Enjoy some Wahnam Tai Chi Chuan & Qi Gong!

                  Evening Classes in Zürich
                  Weekend Classes in other Swiss locations


                  Website: www.taichichuan-wahnam.ch
                  Facebook: www.facebook.com/Taichichuan.Wahnam.ch

                  Comment


                  • #10
                    Dear Sigung,

                    I am so amazed how much value our foundational techniques have.
                    When you taught us the Skill of Bone Marrow Cleansing, why did you choose the techniques from the 18 Lohan Hands (and not techniques from our 18 Lohan Arts, Sinew Metamorphosis or One Finger Shooting Zen) ?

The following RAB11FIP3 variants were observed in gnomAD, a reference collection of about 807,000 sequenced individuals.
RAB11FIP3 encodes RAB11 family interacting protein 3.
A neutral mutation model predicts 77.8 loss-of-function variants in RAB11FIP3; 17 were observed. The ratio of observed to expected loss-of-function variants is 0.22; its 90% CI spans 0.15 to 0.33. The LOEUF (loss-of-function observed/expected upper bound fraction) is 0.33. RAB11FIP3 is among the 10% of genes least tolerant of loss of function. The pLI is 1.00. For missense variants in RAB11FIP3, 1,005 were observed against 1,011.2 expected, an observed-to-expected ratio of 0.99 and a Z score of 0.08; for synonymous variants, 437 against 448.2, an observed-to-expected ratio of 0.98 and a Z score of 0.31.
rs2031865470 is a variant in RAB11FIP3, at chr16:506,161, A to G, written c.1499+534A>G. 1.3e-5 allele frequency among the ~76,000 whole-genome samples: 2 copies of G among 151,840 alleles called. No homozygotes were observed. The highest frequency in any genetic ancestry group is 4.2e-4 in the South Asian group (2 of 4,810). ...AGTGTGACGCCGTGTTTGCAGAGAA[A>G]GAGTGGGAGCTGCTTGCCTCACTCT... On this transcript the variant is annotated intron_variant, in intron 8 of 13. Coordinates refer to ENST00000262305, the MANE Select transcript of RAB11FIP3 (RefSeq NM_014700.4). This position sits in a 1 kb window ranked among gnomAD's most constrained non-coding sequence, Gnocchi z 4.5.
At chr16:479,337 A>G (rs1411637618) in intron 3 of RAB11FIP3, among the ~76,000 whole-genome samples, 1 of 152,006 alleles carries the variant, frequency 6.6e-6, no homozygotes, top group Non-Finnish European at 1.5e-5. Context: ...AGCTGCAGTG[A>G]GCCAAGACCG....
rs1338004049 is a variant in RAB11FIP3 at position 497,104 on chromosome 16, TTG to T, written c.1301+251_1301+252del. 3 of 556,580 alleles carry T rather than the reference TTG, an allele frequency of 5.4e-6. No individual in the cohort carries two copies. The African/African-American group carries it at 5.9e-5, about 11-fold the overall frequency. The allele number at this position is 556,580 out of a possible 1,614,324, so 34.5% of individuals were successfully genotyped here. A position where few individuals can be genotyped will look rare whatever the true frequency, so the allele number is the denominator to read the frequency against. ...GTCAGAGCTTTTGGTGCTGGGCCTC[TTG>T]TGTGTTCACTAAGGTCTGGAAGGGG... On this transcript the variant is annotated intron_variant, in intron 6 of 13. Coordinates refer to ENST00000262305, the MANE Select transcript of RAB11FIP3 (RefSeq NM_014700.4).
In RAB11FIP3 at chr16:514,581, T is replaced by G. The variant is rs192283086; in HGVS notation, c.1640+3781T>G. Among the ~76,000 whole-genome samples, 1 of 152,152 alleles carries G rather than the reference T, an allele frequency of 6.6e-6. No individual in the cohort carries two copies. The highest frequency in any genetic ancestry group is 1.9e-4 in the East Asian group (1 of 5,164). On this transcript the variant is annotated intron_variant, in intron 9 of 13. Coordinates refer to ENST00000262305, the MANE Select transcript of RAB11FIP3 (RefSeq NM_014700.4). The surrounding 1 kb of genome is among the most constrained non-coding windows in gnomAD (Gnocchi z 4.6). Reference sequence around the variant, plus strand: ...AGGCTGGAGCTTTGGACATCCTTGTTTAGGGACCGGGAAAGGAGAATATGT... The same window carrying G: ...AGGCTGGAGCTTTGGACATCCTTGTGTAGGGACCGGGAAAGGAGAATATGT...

Thank you very much for your response Sigung!

                    Kindest regards,
                    Anton
                    Engage and maintain joyful practice!

                    May all of you get the best benefits from what you do.

                    Anton Schmick
                    Shaolin Wahnam Germany Nord

                    shaolinwahnamchina.com
                    http://chikunghamburg.wordpress.com
                    http://shaolinwahnam-nord.de
                    http://kungfu-luebeck.de

                    Comment


                    • #11
                      Dear Sitaigung,

                      in the past, you recommended specific exercises to overcome specific health problems. Nowadays, with the tremendous improvement in your teaching methology, you kindly explained to us that it is the chi flow induced by and following the exercise which leads to the benefits of Chi Kung.